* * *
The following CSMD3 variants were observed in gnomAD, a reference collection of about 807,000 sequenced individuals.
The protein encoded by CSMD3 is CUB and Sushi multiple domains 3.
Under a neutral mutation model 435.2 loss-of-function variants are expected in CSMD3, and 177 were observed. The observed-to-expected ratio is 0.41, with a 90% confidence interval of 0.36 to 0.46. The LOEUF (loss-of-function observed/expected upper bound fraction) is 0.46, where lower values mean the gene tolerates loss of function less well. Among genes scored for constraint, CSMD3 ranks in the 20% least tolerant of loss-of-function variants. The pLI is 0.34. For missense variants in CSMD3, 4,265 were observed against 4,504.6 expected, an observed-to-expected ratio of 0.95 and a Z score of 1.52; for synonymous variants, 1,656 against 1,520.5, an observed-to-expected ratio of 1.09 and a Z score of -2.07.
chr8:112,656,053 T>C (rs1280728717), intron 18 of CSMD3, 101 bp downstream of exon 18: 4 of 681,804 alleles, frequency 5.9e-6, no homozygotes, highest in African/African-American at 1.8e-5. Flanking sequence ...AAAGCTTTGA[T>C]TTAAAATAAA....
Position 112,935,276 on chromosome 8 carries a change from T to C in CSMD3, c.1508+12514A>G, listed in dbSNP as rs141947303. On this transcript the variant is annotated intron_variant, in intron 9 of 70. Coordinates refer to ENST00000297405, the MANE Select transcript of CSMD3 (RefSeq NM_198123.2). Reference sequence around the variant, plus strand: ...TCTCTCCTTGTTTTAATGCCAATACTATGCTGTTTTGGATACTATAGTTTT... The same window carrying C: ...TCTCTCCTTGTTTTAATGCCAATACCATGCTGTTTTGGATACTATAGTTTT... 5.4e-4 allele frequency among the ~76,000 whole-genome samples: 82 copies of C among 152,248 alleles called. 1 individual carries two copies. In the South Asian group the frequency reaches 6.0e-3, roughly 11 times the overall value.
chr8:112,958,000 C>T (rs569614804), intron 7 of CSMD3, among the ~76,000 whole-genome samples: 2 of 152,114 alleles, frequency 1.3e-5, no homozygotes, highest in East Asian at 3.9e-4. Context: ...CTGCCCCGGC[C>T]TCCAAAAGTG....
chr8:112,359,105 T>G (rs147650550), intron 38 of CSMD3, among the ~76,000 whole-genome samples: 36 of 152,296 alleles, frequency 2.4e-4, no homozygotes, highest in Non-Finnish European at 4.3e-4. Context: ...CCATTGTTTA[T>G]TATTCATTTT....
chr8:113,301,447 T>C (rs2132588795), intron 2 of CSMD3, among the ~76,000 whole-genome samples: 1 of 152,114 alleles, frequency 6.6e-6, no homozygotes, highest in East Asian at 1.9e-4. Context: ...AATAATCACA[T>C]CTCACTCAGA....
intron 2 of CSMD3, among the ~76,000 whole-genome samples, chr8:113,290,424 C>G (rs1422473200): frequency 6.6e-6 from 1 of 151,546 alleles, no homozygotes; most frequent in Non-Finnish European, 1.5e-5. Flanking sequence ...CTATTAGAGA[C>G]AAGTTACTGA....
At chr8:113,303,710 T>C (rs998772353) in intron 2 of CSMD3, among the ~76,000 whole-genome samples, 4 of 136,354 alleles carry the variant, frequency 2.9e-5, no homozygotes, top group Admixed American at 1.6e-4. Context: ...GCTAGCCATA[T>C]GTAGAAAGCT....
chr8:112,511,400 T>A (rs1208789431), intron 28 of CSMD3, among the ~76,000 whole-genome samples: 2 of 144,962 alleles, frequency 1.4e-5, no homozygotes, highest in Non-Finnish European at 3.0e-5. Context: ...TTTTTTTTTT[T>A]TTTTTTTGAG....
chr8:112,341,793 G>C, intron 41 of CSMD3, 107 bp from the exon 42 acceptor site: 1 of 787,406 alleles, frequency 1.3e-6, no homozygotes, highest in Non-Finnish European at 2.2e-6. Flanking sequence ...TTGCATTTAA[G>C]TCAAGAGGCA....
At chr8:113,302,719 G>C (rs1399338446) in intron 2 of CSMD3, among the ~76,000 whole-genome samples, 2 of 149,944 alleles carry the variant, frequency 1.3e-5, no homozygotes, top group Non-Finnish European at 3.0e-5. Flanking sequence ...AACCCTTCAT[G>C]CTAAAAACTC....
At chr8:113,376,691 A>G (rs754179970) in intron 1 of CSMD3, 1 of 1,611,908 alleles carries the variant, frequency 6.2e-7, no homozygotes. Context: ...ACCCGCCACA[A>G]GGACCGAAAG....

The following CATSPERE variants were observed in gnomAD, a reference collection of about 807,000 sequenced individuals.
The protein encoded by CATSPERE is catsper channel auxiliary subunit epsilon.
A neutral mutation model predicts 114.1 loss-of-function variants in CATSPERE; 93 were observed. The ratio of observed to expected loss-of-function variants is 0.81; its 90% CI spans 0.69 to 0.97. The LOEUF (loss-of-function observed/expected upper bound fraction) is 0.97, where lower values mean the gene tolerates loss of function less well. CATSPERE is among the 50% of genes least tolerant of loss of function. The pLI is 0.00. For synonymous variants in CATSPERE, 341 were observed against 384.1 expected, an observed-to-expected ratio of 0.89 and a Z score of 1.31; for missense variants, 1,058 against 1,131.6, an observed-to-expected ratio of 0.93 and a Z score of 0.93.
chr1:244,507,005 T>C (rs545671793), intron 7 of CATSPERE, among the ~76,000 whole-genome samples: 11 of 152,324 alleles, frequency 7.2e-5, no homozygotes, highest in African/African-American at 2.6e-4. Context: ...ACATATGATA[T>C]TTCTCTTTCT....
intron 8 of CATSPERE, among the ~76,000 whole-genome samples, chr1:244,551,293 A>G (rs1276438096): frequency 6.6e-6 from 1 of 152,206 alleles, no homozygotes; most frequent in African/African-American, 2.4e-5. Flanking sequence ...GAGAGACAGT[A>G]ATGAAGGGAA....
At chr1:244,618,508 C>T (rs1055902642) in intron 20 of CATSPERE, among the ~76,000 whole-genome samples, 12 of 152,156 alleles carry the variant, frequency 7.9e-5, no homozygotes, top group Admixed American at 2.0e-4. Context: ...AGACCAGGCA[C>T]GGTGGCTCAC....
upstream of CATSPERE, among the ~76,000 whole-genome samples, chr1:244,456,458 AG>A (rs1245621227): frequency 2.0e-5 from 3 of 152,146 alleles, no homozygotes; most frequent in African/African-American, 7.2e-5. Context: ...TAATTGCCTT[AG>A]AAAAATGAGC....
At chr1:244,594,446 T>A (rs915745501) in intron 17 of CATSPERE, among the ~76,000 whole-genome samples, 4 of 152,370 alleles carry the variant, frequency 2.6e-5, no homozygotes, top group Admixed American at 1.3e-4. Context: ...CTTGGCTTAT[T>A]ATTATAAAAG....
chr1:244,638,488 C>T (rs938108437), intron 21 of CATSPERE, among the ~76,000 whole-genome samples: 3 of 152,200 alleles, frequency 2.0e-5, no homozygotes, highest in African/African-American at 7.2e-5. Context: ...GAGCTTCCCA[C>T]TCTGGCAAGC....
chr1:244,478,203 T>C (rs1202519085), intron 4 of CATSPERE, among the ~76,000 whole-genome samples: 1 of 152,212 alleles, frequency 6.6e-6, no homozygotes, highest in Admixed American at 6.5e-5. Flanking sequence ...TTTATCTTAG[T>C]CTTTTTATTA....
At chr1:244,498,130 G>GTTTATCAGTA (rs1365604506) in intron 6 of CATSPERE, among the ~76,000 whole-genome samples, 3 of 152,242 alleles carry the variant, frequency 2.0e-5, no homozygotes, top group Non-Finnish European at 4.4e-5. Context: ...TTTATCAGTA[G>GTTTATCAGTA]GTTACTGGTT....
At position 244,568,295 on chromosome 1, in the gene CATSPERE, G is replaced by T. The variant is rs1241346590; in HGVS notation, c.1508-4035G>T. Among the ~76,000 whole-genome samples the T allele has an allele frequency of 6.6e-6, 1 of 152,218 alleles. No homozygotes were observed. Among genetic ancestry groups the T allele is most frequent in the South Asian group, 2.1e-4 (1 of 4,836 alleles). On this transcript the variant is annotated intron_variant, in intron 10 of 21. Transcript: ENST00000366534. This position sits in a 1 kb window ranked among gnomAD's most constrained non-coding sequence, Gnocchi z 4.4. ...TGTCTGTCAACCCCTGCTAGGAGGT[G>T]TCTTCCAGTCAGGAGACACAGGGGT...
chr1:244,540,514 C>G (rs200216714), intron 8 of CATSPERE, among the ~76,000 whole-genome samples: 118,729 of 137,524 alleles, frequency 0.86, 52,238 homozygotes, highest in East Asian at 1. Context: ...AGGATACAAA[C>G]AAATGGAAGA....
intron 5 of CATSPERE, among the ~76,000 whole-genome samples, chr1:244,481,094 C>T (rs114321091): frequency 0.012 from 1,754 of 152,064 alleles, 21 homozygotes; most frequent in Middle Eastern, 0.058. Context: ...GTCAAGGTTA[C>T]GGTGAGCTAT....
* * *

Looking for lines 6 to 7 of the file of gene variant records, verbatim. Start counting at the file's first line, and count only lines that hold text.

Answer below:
chr8:112,958,000 C>T (rs569614804), intron 7 of CSMD3, among the ~76,000 whole-genome samples: 2 of 152,114 alleles, frequency 1.3e-5, no homozygotes, highest in East Asian at 3.9e-4. Context: ...CTGCCCCGGC[C>T]TCCAAAAGTG....
chr8:112,359,105 T>G (rs147650550), intron 38 of CSMD3, among the ~76,000 whole-genome samples: 36 of 152,296 alleles, frequency 2.4e-4, no homozygotes, highest in Non-Finnish European at 4.3e-4. Context: ...CCATTGTTTA[T>G]TATTCATTTT....